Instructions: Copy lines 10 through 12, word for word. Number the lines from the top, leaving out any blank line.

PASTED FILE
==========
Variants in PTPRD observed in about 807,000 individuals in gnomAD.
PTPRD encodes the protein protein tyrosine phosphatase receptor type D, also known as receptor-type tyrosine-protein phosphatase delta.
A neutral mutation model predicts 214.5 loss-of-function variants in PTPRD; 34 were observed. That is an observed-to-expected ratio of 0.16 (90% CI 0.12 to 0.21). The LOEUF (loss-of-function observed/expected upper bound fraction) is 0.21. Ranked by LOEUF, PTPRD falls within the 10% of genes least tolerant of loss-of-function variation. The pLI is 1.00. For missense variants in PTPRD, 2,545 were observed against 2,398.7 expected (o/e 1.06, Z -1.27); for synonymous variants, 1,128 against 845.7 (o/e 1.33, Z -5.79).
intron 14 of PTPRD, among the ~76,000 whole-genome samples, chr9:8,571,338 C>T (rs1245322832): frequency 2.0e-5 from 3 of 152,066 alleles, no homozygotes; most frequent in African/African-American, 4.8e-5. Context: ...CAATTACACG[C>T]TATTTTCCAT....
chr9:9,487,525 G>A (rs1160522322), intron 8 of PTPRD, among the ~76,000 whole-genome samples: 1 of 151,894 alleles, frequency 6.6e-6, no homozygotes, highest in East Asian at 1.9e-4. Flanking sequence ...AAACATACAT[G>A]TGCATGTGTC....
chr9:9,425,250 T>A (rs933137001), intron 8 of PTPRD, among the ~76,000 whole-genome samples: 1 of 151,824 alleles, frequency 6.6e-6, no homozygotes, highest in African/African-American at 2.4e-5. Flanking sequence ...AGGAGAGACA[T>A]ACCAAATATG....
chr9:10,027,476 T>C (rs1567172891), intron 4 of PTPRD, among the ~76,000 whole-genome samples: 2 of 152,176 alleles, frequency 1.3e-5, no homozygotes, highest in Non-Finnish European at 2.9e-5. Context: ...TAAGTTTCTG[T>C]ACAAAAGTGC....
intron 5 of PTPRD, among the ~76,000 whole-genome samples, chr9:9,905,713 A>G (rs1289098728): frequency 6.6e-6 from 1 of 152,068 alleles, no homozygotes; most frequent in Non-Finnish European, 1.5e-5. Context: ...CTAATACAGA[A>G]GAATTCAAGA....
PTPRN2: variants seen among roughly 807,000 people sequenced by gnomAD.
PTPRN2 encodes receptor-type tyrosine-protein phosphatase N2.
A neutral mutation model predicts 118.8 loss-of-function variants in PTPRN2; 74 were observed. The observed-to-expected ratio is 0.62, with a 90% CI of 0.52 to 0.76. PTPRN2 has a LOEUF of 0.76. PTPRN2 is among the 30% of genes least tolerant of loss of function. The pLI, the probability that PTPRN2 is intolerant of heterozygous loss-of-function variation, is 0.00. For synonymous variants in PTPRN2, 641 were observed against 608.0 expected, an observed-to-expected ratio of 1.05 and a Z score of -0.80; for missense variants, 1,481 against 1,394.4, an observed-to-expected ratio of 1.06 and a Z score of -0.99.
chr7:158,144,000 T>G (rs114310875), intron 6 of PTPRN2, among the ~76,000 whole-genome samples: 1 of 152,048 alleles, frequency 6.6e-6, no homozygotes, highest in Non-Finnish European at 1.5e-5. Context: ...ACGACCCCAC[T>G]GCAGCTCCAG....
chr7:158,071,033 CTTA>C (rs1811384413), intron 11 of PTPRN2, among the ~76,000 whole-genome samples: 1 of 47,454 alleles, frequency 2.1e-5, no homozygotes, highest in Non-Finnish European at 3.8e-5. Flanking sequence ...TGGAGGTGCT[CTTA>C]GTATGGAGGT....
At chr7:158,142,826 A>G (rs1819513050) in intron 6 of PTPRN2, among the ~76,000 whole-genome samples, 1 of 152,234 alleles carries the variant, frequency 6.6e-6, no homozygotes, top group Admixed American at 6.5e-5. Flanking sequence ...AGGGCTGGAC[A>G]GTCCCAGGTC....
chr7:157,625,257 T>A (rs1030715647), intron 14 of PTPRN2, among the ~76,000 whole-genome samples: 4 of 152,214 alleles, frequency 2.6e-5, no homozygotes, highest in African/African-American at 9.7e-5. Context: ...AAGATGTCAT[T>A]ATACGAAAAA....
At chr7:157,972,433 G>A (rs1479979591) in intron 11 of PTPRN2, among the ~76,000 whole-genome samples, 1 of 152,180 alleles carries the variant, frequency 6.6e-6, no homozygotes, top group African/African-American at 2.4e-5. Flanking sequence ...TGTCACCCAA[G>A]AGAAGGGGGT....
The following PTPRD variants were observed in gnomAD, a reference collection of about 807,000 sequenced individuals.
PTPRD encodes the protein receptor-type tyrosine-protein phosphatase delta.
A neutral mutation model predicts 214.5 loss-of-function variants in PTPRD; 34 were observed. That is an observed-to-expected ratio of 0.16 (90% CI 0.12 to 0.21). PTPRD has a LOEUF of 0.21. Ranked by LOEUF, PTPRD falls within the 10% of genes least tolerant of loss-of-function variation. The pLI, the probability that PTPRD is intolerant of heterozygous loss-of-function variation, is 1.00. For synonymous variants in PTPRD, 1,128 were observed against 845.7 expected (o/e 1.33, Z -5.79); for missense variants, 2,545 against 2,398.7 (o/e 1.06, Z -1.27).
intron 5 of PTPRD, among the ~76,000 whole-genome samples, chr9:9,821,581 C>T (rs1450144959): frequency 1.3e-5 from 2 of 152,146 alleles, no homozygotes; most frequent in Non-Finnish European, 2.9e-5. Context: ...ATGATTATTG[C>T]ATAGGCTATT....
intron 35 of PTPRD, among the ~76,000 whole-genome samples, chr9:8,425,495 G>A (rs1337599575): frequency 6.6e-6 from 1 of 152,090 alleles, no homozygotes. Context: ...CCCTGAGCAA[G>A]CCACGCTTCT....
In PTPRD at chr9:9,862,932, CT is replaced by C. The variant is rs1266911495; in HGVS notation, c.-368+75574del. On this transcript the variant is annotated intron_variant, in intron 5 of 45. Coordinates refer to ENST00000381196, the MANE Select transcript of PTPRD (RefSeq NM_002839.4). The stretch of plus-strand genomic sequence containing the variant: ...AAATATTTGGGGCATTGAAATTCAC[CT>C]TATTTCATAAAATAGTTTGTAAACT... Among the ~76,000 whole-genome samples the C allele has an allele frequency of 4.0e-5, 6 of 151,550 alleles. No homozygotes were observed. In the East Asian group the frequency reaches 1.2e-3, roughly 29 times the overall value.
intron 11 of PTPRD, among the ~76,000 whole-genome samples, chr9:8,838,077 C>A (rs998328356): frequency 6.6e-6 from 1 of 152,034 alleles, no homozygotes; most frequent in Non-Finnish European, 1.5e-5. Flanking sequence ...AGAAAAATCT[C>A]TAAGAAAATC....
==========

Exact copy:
PTPRN2 encodes receptor-type tyrosine-protein phosphatase N2.
A neutral mutation model predicts 118.8 loss-of-function variants in PTPRN2; 74 were observed. The observed-to-expected ratio is 0.62, with a 90% CI of 0.52 to 0.76. PTPRN2 has a LOEUF of 0.76. PTPRN2 is among the 30% of genes least tolerant of loss of function. The pLI, the probability that PTPRN2 is intolerant of heterozygous loss-of-function variation, is 0.00. For synonymous variants in PTPRN2, 641 were observed against 608.0 expected, an observed-to-expected ratio of 1.05 and a Z score of -0.80; for missense variants, 1,481 against 1,394.4, an observed-to-expected ratio of 1.06 and a Z score of -0.99.
chr7:158,144,000 T>G (rs114310875), intron 6 of PTPRN2, among the ~76,000 whole-genome samples: 1 of 152,048 alleles, frequency 6.6e-6, no homozygotes, highest in Non-Finnish European at 1.5e-5. Context: ...ACGACCCCAC[T>G]GCAGCTCCAG....